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J Am Chem Soc. 2008 Oct 8;130(40):13310-20. doi: 10.1021/ja802652b. Epub 2008 Sep 13.

Spectra and kinetic studies of the compound I derivative of cytochrome P450 119.

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  • 1Department of Chemistry, University of Illinois at Chicago, 845 West Taylor Street, Chicago, Illinois 60607, USA.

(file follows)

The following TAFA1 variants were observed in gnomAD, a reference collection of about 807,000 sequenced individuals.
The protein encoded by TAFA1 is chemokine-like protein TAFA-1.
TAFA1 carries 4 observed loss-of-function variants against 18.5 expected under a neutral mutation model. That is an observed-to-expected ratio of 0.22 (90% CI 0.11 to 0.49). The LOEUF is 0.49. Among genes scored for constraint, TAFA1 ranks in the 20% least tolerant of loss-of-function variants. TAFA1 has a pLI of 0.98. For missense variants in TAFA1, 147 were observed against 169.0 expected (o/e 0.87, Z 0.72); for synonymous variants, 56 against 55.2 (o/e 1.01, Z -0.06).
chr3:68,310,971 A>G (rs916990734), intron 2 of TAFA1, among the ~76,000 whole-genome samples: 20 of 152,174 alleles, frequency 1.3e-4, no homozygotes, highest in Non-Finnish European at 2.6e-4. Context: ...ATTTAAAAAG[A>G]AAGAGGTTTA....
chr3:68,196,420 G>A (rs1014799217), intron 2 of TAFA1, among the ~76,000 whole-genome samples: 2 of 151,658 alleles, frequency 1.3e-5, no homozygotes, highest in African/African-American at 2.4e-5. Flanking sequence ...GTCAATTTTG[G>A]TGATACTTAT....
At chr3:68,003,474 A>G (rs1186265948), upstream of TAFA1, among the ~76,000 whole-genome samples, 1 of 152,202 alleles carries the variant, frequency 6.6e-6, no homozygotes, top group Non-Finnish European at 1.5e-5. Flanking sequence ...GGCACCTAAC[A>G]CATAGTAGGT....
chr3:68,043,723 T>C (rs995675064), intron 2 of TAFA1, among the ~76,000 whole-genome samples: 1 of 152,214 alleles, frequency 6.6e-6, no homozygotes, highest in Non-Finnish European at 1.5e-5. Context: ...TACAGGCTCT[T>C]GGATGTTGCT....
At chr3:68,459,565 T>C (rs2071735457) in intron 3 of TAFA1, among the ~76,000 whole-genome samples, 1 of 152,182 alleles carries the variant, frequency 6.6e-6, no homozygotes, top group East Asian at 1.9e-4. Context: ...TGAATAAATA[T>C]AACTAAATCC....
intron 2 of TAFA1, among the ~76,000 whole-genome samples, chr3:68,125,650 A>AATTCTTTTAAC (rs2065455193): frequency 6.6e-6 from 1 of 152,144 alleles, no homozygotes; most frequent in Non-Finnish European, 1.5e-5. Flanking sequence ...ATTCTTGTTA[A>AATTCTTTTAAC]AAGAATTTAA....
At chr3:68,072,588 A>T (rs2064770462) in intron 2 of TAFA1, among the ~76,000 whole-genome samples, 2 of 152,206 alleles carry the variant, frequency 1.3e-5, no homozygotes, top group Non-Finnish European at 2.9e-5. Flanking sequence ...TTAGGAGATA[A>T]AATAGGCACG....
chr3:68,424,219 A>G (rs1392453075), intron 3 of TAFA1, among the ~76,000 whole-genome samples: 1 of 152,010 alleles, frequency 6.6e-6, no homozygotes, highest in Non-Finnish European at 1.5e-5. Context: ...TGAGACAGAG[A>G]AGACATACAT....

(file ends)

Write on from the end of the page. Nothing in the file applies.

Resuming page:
The Compound I derivative of cytochrome P450 119 (CYP119) was produced by laser flash photolysis of the corresponding Compound II derivative, which was first prepared by reaction of the resting enzyme with peroxynitrite. The UV-vis spectrum of the Compound I species contained an asymmetric Soret band that could be resolved into overlapping transitions centered at approximately 367 and approximately 416 nm and a Q band with lambda(max) approximately 650 nm. Reactions of the Compound I derivative with organic substrates gave epoxidized (alkene oxidation) and hydroxylated (C-H oxidation) products, as demonstrated by product studies and oxygen-18 labeling studies. The kinetics of oxidations by CYP119 Compound I were measured directly; the reactions included hydroxylations of benzyl alcohol, ethylbenzene, Tris buffer, lauric acid, and methyl laurate and epoxidations of styrene and 10-undecenoic acid. Apparent second-order rate constants, equal to the product of the equilibrium binding constant (K(bind)) and the first-order oxidation rate constant (k(ox)), were obtained for all of the substrates. The oxidations of lauric acid and methyl laurate displayed saturation kinetic behavior, which permitted the determination of both K(bind) and k(ox) for these substrates. The unactivated C-H positions of lauric acid reacted with a rate constant of k(ox) = 0.8 s(-1) at room temperature. The CYP119 Compound I derivative is more reactive than model Compound I species [iron(IV)-oxo porphyrin radical cations] and similar in reactivity to the Compound I derivative of the heme-thiolate enzyme chloroperoxidase. Kinetic isotope effects (kH/kD) for oxidations of benzyl alcohol and ethylbenzene were small, reflecting the increased reactivity of the Compound I derivative in comparison to models. Nonetheless, CYP119 Compound I apparently is much less reactive than the oxidizing species formed in the P450 cam reaction cycle. Studies of competition kinetics employing CYP119 activated by hydrogen peroxide indicated that the same oxidizing transient is formed in the photochemical reaction and in the hydrogen peroxide shunt reaction.

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